We Did Not Hype the Nuclear Threat
The U.S.-China Commission responds to Tom Collina.
Foreign Policy published an article by Tom Z. Collina that discusses a section on China's nuclear developments in the 2012 Annual Report to Congress by the U.S.-China Economic and Security Review Commission, which we chair. We are writing today to correct a few misrepresentations in that piece.
Foreign Policy published an article by Tom Z. Collina that discusses a section on China’s nuclear developments in the 2012 Annual Report to Congress by the U.S.-China Economic and Security Review Commission, which we chair. We are writing today to correct a few misrepresentations in that piece.
Mr. Collina’s article states that our report "raises concerns that China may be hiding hundreds of nuclear weapons in underground tunnels." His subsequent commentary says, "[t]his might be scary but for the fact that the Pentagon says it’s not true." First, we did not attempt to quantify what China’s underground nuclear storage and transportation infrastructure might mean for China’s arsenal size. We simply said that an expansion in such infrastructure "could indicate an increase in [China’s] warhead inventory." Second, we note that the Pentagon’s annual report to Congress, Military and Security Developments Involving the People’s Republic of China 2011,plainly acknowledges this issue, stating: "China’s strategic missile force, the Second Artillery Corps (SAC), has developed and utilized UGFs [underground facilities] since deploying its oldest liquid-fueled missile systems and continues to utilize them to protect and conceal their newest and most modern solid-fueled mobile missiles."
We reject Mr. Collina’s assertion that, with respect to nuclear issues, the commission’s report "is just the latest in a line of studies that hype the China threat." We took great pains to detail a range of open source estimates of China’s arsenal size, including one as low as 100 total weapons. We also noted that the "most rigorous open source surveys to date produce results that cluster around 240." On the other hand, we identified a Russian estimate as high as 1,800 weapons, although we acknowledge that some Western analysts have disputed its credibility. Nevertheless, the range in the estimates we aggregated is puzzling. That’s the point of our recommendation that "[c]ommittees of jurisdiction seek input from relevant U.S. government agencies and international organizations to assess disparities in estimates of the size and disposition of China’s nuclear forces."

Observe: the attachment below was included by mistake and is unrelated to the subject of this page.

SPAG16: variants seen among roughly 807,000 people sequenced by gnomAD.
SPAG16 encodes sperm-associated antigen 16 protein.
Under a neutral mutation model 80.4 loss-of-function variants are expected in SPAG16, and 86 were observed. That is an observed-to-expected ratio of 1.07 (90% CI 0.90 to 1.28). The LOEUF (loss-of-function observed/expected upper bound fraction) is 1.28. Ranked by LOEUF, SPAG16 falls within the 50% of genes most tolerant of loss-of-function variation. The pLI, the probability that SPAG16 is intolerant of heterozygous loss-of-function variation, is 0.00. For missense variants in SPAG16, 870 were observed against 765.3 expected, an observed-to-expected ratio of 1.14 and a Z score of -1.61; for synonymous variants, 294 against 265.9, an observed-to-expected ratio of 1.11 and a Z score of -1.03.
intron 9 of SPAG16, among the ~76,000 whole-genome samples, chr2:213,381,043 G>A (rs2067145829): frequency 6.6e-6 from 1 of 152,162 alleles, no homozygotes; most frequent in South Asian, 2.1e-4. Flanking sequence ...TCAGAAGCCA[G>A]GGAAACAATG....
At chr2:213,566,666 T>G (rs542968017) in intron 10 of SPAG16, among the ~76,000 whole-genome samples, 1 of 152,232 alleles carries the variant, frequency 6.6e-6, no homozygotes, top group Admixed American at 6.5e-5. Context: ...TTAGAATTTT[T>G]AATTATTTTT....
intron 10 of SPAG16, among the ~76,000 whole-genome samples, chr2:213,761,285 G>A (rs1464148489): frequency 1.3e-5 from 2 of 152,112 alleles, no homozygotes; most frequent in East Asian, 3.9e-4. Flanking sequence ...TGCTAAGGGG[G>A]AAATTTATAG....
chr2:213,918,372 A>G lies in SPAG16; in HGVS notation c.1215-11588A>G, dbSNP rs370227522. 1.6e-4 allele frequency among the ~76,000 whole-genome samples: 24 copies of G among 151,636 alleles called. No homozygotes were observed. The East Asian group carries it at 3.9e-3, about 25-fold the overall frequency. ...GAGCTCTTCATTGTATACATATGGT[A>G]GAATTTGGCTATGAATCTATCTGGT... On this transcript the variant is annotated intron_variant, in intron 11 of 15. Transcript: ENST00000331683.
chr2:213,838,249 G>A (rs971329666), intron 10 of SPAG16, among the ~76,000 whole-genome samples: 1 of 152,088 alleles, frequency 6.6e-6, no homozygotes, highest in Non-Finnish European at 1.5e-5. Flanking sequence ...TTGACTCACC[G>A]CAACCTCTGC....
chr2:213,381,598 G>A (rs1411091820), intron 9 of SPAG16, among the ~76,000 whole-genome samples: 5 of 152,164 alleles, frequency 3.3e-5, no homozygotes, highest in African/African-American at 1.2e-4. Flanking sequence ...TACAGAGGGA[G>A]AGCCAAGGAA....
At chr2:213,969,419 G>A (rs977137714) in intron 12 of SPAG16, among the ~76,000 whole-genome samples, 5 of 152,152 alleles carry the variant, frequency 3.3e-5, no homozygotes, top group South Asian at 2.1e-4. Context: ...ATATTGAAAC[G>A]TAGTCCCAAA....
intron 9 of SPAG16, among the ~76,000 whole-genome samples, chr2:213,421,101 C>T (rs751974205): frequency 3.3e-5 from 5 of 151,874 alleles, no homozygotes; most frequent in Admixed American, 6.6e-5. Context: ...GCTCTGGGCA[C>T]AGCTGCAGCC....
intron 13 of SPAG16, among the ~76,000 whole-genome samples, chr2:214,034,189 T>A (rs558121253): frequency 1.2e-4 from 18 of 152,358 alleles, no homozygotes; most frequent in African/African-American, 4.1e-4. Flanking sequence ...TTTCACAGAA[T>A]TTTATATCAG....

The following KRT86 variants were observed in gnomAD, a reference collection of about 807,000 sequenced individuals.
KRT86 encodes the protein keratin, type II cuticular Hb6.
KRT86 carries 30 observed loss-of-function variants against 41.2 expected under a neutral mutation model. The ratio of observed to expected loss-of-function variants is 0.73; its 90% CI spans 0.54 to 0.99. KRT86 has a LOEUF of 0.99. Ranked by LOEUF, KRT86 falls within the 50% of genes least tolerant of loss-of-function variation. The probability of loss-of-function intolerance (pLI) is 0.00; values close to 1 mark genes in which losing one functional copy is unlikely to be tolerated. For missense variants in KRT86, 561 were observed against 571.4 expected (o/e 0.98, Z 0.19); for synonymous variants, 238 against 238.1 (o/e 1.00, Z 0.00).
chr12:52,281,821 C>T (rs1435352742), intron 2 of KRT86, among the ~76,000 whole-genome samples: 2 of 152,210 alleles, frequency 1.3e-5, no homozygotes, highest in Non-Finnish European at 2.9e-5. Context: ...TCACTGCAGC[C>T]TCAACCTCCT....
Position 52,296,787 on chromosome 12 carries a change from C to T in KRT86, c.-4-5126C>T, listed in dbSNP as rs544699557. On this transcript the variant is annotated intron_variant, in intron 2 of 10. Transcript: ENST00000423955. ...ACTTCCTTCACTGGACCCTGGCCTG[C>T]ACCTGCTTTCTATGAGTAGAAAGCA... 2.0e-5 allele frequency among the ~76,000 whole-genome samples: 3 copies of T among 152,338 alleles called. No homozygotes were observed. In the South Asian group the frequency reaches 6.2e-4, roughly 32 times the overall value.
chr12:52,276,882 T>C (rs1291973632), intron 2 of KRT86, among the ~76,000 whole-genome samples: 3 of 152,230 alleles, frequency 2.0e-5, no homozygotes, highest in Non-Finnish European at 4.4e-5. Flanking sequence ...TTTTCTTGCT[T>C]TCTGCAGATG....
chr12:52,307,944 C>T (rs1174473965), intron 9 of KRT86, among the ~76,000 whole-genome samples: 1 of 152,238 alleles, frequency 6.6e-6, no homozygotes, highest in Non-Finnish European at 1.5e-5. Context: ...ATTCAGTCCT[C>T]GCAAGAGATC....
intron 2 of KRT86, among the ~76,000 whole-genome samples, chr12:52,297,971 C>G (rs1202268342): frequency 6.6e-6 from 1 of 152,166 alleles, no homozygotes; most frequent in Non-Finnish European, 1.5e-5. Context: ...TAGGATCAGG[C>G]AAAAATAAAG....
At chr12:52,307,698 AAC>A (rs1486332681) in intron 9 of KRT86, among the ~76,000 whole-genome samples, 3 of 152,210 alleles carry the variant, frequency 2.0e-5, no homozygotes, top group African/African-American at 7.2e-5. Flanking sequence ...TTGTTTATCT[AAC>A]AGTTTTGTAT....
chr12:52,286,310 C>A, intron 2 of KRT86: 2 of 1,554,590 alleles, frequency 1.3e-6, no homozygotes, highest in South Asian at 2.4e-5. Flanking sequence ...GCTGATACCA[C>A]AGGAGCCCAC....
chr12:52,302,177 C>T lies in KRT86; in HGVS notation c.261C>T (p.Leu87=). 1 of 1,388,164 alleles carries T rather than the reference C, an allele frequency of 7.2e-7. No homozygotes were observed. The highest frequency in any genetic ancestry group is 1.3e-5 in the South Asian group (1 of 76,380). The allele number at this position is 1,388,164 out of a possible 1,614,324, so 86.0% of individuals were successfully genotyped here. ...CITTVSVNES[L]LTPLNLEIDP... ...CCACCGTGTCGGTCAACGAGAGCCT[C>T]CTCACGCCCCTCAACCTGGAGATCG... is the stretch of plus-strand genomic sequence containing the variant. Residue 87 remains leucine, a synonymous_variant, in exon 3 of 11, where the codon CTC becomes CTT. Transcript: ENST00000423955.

Mr. Collina’s charge that the commission’s "report goes so far as to question ‘the desirability of further cuts’ to U.S. and Russian nuclear forces ‘without clearer information on China’s nuclear forces,’" is an unfortunate misrepresentation of our statement. We noted only that recent developments have made others in Congress and elsewhere question further cuts without additional information.
But in raising this issue, Mr. Collina has touched upon another key commission recommendation: that "Congress require the U.S. Department of State to detail current and planned efforts to integrate China into existing and future nuclear arms reduction, limitation, and control discussions and agreements" as well as to request periodic updates on these efforts. As General James E. Cartwright (U.S. Marine Corps, ret.), former vice chairman of the Joint Chiefs of Staff, recently testified to the commission, "We need as a nation to stop thinking bilaterally" about nuclear arms control. The longer we wait to bring others into the discussions, he said, "the more problematic it’s going to be to have a multilateral approach."
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